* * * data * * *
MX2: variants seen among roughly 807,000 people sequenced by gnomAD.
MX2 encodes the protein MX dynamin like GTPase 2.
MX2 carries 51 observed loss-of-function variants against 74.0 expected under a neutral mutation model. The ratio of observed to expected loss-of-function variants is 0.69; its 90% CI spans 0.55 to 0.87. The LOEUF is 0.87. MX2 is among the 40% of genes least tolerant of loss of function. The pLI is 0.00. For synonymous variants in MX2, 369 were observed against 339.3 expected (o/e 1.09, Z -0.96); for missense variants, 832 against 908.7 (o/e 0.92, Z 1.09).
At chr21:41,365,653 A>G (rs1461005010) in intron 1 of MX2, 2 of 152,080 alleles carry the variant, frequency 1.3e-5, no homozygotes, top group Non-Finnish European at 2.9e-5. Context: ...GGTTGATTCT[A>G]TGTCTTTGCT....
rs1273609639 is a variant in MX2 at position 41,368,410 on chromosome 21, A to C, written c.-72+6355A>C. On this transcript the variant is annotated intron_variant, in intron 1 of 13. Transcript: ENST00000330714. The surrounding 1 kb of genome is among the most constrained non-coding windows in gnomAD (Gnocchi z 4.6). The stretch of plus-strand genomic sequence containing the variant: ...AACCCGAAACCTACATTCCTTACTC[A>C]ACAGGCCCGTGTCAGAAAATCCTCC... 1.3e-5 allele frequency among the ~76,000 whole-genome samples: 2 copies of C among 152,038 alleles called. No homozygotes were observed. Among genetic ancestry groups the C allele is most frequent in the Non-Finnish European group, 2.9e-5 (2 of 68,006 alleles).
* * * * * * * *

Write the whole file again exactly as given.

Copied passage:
MX2: variants seen among roughly 807,000 people sequenced by gnomAD.
MX2 encodes the protein MX dynamin like GTPase 2.
MX2 carries 51 observed loss-of-function variants against 74.0 expected under a neutral mutation model. The ratio of observed to expected loss-of-function variants is 0.69; its 90% CI spans 0.55 to 0.87. The LOEUF is 0.87. MX2 is among the 40% of genes least tolerant of loss of function. The pLI is 0.00. For synonymous variants in MX2, 369 were observed against 339.3 expected (o/e 1.09, Z -0.96); for missense variants, 832 against 908.7 (o/e 0.92, Z 1.09).
At chr21:41,365,653 A>G (rs1461005010) in intron 1 of MX2, 2 of 152,080 alleles carry the variant, frequency 1.3e-5, no homozygotes, top group Non-Finnish European at 2.9e-5. Context: ...GGTTGATTCT[A>G]TGTCTTTGCT....
rs1273609639 is a variant in MX2 at position 41,368,410 on chromosome 21, A to C, written c.-72+6355A>C. On this transcript the variant is annotated intron_variant, in intron 1 of 13. Transcript: ENST00000330714. The surrounding 1 kb of genome is among the most constrained non-coding windows in gnomAD (Gnocchi z 4.6). The stretch of plus-strand genomic sequence containing the variant: ...AACCCGAAACCTACATTCCTTACTC[A>C]ACAGGCCCGTGTCAGAAAATCCTCC... 1.3e-5 allele frequency among the ~76,000 whole-genome samples: 2 copies of C among 152,038 alleles called. No homozygotes were observed. Among genetic ancestry groups the C allele is most frequent in the Non-Finnish European group, 2.9e-5 (2 of 68,006 alleles).